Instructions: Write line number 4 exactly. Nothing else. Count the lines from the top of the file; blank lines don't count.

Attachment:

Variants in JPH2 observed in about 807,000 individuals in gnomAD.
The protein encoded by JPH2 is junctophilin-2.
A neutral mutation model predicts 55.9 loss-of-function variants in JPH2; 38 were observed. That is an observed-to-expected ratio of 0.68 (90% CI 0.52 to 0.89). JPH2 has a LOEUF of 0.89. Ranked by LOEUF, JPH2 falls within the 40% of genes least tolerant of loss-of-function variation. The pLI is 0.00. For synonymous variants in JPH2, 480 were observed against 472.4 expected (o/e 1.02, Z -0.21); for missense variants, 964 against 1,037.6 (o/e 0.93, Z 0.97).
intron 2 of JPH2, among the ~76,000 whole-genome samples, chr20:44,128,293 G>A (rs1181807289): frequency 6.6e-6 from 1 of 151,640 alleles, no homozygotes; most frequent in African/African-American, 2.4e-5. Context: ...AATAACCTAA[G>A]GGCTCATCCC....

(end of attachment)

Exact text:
intron 2 of JPH2, among the ~76,000 whole-genome samples, chr20:44,128,293 G>A (rs1181807289): frequency 6.6e-6 from 1 of 151,640 alleles, no homozygotes; most frequent in African/African-American, 2.4e-5. Context: ...AATAACCTAA[G>A]GGCTCATCCC....